FAIRFAX, Virginia — Bernie Sanders, one might say, is feeling the burn.
The Vermont senator on Wednesday announced his support for reforms that would allow states to legalize marijuana.
He stopped short of calling for nationwide legalization, instead saying the federal government should remove the marijuana from its list of dangerous drugs. Marijuana is classified along with heroin and ecstasy as substances with “no currently accepted medical use and a high potential for abuse.”
“In the year 2015, it is time for the federal government to allow states to go forward as they best choose,” Sanders said at George Mason University in Fairfax, Virginia, adding that the U.S. should “remove the federal prohibition on marijuana.”
He was quick to note, however, that he was “not here advocating that states do it.”
Sanders’ proposal would not only legitimize use in the states that have legalized marijuana but would also solve a major dilemma for owners of marijuana businesses. Those companies, from retailers to growers, largely operate entirely using cash, unable to accept credit cards, deposit their proceeds in banks and issue paychecks because under federal law their business is illegal.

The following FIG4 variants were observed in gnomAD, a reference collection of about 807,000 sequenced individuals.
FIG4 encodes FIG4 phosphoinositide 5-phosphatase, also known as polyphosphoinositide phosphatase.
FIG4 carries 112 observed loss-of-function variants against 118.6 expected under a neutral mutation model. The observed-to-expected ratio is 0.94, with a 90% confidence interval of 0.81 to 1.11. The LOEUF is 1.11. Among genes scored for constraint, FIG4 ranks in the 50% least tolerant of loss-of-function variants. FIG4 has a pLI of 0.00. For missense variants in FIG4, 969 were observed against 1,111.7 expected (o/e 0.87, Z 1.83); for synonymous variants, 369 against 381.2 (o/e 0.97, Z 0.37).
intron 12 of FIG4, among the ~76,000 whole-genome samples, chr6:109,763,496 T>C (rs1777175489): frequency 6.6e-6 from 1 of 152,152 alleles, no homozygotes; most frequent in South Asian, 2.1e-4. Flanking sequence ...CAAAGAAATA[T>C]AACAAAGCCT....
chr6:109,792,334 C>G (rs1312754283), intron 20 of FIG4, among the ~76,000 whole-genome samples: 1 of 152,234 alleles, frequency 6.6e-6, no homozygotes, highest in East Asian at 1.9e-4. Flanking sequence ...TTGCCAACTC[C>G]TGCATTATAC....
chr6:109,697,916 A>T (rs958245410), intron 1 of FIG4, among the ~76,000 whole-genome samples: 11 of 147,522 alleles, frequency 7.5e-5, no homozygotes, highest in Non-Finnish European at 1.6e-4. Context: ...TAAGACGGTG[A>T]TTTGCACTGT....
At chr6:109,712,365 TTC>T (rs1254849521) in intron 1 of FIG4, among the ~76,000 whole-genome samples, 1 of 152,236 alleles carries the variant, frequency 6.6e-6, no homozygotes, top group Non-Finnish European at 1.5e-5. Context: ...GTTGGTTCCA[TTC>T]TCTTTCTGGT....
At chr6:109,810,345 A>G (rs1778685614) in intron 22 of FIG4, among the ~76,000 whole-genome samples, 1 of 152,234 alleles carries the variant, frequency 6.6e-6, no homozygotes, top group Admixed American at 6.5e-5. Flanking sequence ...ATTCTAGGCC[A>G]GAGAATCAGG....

“That means that recognized businesses in states that legalized marijuana should be fully able to use the banking system without fear of federal retribution,” he said.
His remarks were greeted with cheers and applause. His campaign said the town hall-style meeting was also streamed to college campuses around the country.
Sanders has previously voiced support for decriminalizing marijuana, or removing the stiff penalties that come with possessing a small amount of the drug.
A key reason, as he explained Wednesday, is “there is a racial component” to enforcement of marijuana laws, with far more black people than white people arrested for marijuana possession.
At the CNN presidential debate in Las Vegas earlier this month Sanders said it is time to “think through this war on drugs” and hinted he was open to states taking the next step, legalization.
Asked how he would vote on a Nevada ballot question that would legalize recreational use, Sanders said, “I would vote yes because I am seeing in this country too many lives being destroyed for non-violent offenses.”
Hillary Clinton said at the debate she was not ready to answer the same question, and wants to study the handful of states, like Colorado, that have already enacted legalization.